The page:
[Which]…is responsible for the heightened prevalence of E. coli 0157:H7 bacteria. When cattle are grainfed, their intestinal tracts become far more acidic, which favors the growth of pathogenic E. coli bacteria, which in turn kills people who eat undercooked [feces contaminated] hamburger…

Monoculture farming whether crop or CAFO is hard on the land and in the long run just plain stupid. Ruminants and other animals utilize land unfit for crop growing because it is too hilly, too rocky or just plain worn out. Pasture grass is a much better filter strip that is a forest and pasturing animals is a very good way to build topsoil.
Please do a bit of investigation before blaming the poor cow for the actions of the greedy Ag cartel.

July 26, 2012 7:15 am

i find it very interesting how AGW is put in opposition to GMOs by some commentators. i.e. if you are “scientifically minded” and dont buy the GW load, you should support GMOs because that is what the greens oppose, and vice versa, if you are opposed to playing around with the genetic code of the planet, you should support the AGW load.. in the end it will be: GM will solve it, so everyone should support it..

Albrecht Glatzle
July 29, 2012 8:59 pm

No need to be concerned about methane emissions by cattle:
1) The global distribution of methane concentrations in the atmosphere as measured by ENVISAT ( ) does not coincidence whatsoever with the global ruminant livestock distribution (FAO 2006: Map 20).
2) The rise of atmospheric methane concentration in the atmosphere reflects fairly well human natural gas consumption and the available technology to stop gas leakage – rather than livestock numbers or density ( and ).
3) As Lewis P. Buckingham points out there are good reasons to assume that natural habitats, particularly in semi-arid regions emit as much methane as do managed grasslands under ruminant grazing.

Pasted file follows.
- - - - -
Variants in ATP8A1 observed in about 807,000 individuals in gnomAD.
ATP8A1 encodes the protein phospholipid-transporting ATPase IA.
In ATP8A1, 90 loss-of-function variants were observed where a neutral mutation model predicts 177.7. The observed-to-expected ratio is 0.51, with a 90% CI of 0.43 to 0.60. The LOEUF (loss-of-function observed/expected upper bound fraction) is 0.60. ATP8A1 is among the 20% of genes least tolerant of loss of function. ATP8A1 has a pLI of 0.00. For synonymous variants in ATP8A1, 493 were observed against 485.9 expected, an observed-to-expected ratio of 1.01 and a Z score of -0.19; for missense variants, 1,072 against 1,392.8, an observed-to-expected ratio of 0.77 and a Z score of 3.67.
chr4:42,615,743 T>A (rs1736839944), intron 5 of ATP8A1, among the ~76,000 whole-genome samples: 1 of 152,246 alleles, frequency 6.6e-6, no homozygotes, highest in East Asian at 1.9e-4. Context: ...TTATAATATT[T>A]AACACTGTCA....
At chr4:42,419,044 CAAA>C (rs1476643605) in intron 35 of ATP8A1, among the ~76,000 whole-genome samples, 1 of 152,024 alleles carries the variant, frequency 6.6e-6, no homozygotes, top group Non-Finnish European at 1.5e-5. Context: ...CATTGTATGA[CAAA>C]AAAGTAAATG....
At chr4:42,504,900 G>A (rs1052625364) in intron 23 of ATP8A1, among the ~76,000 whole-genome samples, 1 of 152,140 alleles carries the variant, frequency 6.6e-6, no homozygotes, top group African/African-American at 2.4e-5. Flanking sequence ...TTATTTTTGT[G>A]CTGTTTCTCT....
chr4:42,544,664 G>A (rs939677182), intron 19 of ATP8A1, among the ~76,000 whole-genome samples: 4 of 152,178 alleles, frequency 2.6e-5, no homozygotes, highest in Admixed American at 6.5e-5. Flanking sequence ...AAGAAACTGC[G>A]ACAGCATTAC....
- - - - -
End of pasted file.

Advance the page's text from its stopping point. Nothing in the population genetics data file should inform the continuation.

4) Certain agro-ecosystems used for grazing are in fact methane sinks and not methane sources ( ).
On the other hand I do not agree with Simon of the Caucasus who complains about digestible energy loss through methane emissions. Methane is a product of anaerobic fermentation of cellulose, the most abundant substance in the biosphere, by cellulolytic rumen bacteria. Please note: Vertebrates are unable to break down cellulose. May be the conversion of forage, rich in fiber, by ruminants into meat and milk, is the energetically most efficient way of making use of the rough herbage growing in abundance on up to half of the terrestrial surface, representing rangelands unsuitable for other forms of land use due to natural restrictions.

July 30, 2012 6:48 am

There is an agricultural property on the extreme west of Tasmania, Australia called Woolnorth. The tourist guide would take you to the cliffs and proudly proclaim that if a penguin farted in Antarctica, we would be the first to smell it. There is nothing between there and Sth Africa and that is the route the clipper ships followed sailing “The Roaring Fourties” to The East Indies.
I’m sure they had a weather station there and it would have been operating for over 100 years. THAT would be quality data.